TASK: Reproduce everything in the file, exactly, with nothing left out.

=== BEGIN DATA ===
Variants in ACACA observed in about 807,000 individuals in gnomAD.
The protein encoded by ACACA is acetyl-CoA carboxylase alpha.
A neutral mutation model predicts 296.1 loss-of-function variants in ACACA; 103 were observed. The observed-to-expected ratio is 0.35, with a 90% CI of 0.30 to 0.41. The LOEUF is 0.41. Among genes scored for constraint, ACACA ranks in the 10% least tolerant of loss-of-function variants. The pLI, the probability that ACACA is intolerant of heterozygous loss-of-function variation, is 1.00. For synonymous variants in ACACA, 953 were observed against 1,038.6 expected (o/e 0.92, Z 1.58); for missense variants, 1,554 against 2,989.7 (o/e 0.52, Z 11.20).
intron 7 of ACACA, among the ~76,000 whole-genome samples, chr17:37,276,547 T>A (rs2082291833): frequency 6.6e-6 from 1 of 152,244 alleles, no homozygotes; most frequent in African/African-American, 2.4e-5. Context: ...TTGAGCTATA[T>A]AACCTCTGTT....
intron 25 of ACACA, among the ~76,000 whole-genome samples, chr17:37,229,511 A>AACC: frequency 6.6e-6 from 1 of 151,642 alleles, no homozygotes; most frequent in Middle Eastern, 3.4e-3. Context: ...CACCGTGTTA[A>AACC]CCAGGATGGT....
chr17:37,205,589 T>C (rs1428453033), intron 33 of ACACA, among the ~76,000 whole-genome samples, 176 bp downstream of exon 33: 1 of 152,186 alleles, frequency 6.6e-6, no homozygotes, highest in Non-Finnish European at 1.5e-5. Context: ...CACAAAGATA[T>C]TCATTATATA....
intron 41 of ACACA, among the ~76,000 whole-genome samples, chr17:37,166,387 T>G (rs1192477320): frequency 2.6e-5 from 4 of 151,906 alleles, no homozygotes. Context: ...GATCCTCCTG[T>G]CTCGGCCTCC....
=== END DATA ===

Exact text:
Variants in ACACA observed in about 807,000 individuals in gnomAD.
The protein encoded by ACACA is acetyl-CoA carboxylase alpha.
A neutral mutation model predicts 296.1 loss-of-function variants in ACACA; 103 were observed. The observed-to-expected ratio is 0.35, with a 90% CI of 0.30 to 0.41. The LOEUF is 0.41. Among genes scored for constraint, ACACA ranks in the 10% least tolerant of loss-of-function variants. The pLI, the probability that ACACA is intolerant of heterozygous loss-of-function variation, is 1.00. For synonymous variants in ACACA, 953 were observed against 1,038.6 expected (o/e 0.92, Z 1.58); for missense variants, 1,554 against 2,989.7 (o/e 0.52, Z 11.20).
intron 7 of ACACA, among the ~76,000 whole-genome samples, chr17:37,276,547 T>A (rs2082291833): frequency 6.6e-6 from 1 of 152,244 alleles, no homozygotes; most frequent in African/African-American, 2.4e-5. Context: ...TTGAGCTATA[T>A]AACCTCTGTT....
intron 25 of ACACA, among the ~76,000 whole-genome samples, chr17:37,229,511 A>AACC: frequency 6.6e-6 from 1 of 151,642 alleles, no homozygotes; most frequent in Middle Eastern, 3.4e-3. Context: ...CACCGTGTTA[A>AACC]CCAGGATGGT....
chr17:37,205,589 T>C (rs1428453033), intron 33 of ACACA, among the ~76,000 whole-genome samples, 176 bp downstream of exon 33: 1 of 152,186 alleles, frequency 6.6e-6, no homozygotes, highest in Non-Finnish European at 1.5e-5. Context: ...CACAAAGATA[T>C]TCATTATATA....
intron 41 of ACACA, among the ~76,000 whole-genome samples, chr17:37,166,387 T>G (rs1192477320): frequency 2.6e-5 from 4 of 151,906 alleles, no homozygotes. Context: ...GATCCTCCTG[T>G]CTCGGCCTCC....